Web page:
For presentations, focus on narrative

You’ve collected the data, you’ve run the analysis, now you have to decide how to present. You’ve considered it from every angle, and you’re preparing a slide deck to match–detailed, lengthy and technical. Is this the right approach? Probably not.

Rule of thumb: include no more than one figure per topic

When you’re the technical expert, people aren’t always trying to prove you wrong. They expect you to do the work work correctly, until you give them reason not to. You don’t have to take them through the entire process of analyzing the data. One figure is enough to make the point and move on. More than that becomes boring and forgettable.

This was an adjustment for me. Academic seminar talks are all technical, and audience questions take the presenter through the weeds.

There are exceptions to this rule, but for most audiences, one figure is the limit of attention. Choosing one figure to make the point will help to clarify your message. That said, be ready to answer questions from many angles.

If they don’t want data, what do they want? Narrative

Instead of spending most time thinking about and preparing figures, spend your time thinking about narrative and story telling. What are the keys?

A crucial element of narrative is an upward or progressive arc. We like companies that grow, societies that evolve, people that improve themselves and narratives that move from bad to better:

“We had some trouble early in Q2, but learned our lesson and fixed the problem.”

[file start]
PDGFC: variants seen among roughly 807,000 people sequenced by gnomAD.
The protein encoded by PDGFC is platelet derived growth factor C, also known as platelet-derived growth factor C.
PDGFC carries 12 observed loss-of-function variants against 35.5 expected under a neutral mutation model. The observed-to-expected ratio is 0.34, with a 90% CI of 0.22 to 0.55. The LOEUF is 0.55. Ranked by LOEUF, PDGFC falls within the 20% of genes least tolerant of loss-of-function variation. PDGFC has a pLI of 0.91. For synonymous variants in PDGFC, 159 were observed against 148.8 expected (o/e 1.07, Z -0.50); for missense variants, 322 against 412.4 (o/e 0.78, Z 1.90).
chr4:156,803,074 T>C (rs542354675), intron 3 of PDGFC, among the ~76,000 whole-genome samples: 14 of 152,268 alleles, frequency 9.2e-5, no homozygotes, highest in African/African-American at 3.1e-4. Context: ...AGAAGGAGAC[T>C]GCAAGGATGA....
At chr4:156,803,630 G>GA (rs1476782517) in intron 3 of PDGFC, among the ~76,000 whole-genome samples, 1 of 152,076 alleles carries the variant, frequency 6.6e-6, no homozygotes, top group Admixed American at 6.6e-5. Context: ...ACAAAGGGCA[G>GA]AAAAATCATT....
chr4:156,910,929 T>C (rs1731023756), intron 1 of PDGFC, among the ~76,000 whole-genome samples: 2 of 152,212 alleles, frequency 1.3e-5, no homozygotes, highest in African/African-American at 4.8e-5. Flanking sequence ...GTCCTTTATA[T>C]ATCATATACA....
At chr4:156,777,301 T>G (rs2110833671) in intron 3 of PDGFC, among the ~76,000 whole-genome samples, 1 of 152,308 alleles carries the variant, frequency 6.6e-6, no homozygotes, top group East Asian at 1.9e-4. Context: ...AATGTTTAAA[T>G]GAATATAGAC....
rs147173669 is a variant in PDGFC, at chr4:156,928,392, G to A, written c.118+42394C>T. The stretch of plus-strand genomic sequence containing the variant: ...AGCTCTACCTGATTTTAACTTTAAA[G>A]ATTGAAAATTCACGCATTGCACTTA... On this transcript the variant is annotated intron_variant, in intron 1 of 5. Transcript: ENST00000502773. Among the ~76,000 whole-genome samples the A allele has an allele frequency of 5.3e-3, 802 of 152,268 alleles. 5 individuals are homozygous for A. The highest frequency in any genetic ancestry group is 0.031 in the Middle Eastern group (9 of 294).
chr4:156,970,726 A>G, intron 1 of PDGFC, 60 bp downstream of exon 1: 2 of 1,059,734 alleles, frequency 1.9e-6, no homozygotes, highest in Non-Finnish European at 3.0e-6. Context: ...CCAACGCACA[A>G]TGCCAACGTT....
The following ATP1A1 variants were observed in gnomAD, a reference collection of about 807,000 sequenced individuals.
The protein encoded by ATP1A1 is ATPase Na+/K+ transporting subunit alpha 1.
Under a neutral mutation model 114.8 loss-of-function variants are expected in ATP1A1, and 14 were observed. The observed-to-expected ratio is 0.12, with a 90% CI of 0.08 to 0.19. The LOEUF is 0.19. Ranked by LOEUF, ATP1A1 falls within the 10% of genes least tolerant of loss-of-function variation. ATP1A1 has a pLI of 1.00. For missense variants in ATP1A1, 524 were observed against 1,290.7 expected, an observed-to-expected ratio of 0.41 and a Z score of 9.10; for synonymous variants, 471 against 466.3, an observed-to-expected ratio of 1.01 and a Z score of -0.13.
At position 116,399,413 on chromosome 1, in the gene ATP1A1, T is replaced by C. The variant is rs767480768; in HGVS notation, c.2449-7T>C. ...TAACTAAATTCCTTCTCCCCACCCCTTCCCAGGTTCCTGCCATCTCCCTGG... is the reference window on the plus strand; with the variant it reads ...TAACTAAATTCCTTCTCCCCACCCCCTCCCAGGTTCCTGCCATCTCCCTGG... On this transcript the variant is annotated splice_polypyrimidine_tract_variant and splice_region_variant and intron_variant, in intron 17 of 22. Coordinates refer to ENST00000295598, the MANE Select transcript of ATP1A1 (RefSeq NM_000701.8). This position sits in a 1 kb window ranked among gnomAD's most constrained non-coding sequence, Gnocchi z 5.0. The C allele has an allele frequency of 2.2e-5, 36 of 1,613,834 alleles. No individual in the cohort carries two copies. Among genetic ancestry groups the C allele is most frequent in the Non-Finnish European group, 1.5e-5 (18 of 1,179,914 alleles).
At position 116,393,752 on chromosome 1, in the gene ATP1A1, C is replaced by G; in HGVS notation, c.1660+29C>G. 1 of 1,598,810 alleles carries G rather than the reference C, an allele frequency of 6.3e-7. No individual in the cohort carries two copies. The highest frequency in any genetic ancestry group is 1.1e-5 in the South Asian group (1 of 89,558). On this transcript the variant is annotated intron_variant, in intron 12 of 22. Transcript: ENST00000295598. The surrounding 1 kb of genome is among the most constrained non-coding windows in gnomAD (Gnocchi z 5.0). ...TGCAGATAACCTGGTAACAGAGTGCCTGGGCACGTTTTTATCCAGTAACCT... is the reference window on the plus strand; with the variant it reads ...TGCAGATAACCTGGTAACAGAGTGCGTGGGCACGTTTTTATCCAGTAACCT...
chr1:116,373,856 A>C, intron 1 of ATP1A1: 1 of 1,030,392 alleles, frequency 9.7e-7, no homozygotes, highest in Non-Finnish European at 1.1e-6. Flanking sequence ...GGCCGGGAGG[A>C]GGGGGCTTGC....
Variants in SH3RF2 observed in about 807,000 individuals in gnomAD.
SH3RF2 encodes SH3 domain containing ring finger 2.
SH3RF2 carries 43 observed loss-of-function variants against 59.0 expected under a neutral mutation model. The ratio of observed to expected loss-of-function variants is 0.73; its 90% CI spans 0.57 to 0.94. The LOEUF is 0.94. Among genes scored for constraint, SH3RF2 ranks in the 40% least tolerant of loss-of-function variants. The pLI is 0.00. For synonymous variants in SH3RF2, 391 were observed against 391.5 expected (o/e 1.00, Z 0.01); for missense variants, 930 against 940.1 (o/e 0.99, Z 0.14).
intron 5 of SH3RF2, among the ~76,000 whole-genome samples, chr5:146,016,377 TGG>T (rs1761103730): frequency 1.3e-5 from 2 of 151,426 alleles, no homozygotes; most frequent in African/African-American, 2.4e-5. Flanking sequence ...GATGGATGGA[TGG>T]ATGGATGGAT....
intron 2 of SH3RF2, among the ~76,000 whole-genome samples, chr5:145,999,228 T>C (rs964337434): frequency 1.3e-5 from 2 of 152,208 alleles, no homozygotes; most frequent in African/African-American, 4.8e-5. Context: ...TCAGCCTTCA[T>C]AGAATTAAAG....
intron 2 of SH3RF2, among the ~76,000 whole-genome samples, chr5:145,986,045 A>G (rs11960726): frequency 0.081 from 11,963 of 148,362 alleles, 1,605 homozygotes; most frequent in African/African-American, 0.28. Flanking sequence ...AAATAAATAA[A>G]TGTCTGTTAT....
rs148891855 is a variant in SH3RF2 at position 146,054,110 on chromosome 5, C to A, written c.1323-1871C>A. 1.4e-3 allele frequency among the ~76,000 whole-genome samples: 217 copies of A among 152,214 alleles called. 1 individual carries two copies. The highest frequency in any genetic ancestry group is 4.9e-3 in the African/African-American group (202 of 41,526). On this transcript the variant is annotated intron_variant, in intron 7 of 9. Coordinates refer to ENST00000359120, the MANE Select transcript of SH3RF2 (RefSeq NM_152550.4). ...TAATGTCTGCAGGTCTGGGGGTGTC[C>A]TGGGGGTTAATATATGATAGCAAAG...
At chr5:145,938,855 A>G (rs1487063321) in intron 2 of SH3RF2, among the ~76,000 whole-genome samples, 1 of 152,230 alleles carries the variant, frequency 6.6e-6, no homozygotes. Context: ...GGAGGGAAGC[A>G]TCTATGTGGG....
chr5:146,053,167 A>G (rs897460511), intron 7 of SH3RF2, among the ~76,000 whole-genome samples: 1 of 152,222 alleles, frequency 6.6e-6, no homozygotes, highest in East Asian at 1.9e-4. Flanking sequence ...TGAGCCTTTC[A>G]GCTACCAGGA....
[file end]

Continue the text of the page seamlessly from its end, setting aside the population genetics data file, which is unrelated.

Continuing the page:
“We sustained initial losses but our heavy investments paid off in the long run.”

Another part of memorable narratives is the goldilocks principle–not too much, not too little:

“We were over-invested in customer service. We were able to reduce costs without affecting our feedback scores.”

“This model achieves the right balance of simplicity and complexity and will maximize profit”

Another type of narrative that appeals to me is the contrarian narrative: the experts say X, but here’s why they’re wrong. This one’s more of a personal taste and should be used carefully.

Narratives operate at different levels and in different contexts

Business executives craft a narrative about their business that must satisfy investors, motivate employees, generate positive PR, and be stable over time.

In a similar way, data scientists must craft narratives about data that are consistent with the facts, satisfying to leadership, palatable to stakeholders and memorable.

So next time you’re presenting your data, think about narrative, and see how much impact you can have.


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